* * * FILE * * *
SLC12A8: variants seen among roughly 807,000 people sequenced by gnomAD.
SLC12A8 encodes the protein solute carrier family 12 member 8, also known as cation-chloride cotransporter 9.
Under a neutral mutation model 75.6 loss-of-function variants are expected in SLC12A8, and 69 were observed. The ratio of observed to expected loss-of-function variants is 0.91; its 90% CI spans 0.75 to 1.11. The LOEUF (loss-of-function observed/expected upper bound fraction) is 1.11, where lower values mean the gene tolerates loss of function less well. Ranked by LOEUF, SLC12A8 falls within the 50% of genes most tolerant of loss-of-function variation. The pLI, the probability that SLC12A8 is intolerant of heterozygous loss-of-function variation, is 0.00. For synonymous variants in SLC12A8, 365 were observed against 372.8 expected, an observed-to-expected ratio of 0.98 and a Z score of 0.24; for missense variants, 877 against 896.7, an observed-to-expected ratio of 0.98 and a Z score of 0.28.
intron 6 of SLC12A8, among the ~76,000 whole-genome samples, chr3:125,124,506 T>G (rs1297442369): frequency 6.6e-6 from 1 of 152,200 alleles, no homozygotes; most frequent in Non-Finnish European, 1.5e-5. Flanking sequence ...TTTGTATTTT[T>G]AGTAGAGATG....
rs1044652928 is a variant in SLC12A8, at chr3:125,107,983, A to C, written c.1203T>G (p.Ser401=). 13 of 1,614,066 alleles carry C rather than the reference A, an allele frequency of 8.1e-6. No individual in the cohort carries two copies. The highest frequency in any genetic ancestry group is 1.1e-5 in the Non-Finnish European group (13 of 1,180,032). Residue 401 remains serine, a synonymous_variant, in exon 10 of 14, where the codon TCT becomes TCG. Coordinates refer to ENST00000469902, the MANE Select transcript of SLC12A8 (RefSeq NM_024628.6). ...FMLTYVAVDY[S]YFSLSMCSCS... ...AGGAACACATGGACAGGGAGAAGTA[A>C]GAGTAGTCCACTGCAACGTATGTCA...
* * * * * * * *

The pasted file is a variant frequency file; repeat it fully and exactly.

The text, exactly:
SLC12A8: variants seen among roughly 807,000 people sequenced by gnomAD.
SLC12A8 encodes the protein solute carrier family 12 member 8, also known as cation-chloride cotransporter 9.
Under a neutral mutation model 75.6 loss-of-function variants are expected in SLC12A8, and 69 were observed. The ratio of observed to expected loss-of-function variants is 0.91; its 90% CI spans 0.75 to 1.11. The LOEUF (loss-of-function observed/expected upper bound fraction) is 1.11, where lower values mean the gene tolerates loss of function less well. Ranked by LOEUF, SLC12A8 falls within the 50% of genes most tolerant of loss-of-function variation. The pLI, the probability that SLC12A8 is intolerant of heterozygous loss-of-function variation, is 0.00. For synonymous variants in SLC12A8, 365 were observed against 372.8 expected, an observed-to-expected ratio of 0.98 and a Z score of 0.24; for missense variants, 877 against 896.7, an observed-to-expected ratio of 0.98 and a Z score of 0.28.
intron 6 of SLC12A8, among the ~76,000 whole-genome samples, chr3:125,124,506 T>G (rs1297442369): frequency 6.6e-6 from 1 of 152,200 alleles, no homozygotes; most frequent in Non-Finnish European, 1.5e-5. Flanking sequence ...TTTGTATTTT[T>G]AGTAGAGATG....
rs1044652928 is a variant in SLC12A8, at chr3:125,107,983, A to C, written c.1203T>G (p.Ser401=). 13 of 1,614,066 alleles carry C rather than the reference A, an allele frequency of 8.1e-6. No individual in the cohort carries two copies. The highest frequency in any genetic ancestry group is 1.1e-5 in the Non-Finnish European group (13 of 1,180,032). Residue 401 remains serine, a synonymous_variant, in exon 10 of 14, where the codon TCT becomes TCG. Coordinates refer to ENST00000469902, the MANE Select transcript of SLC12A8 (RefSeq NM_024628.6). ...FMLTYVAVDY[S]YFSLSMCSCS... ...AGGAACACATGGACAGGGAGAAGTA[A>C]GAGTAGTCCACTGCAACGTATGTCA...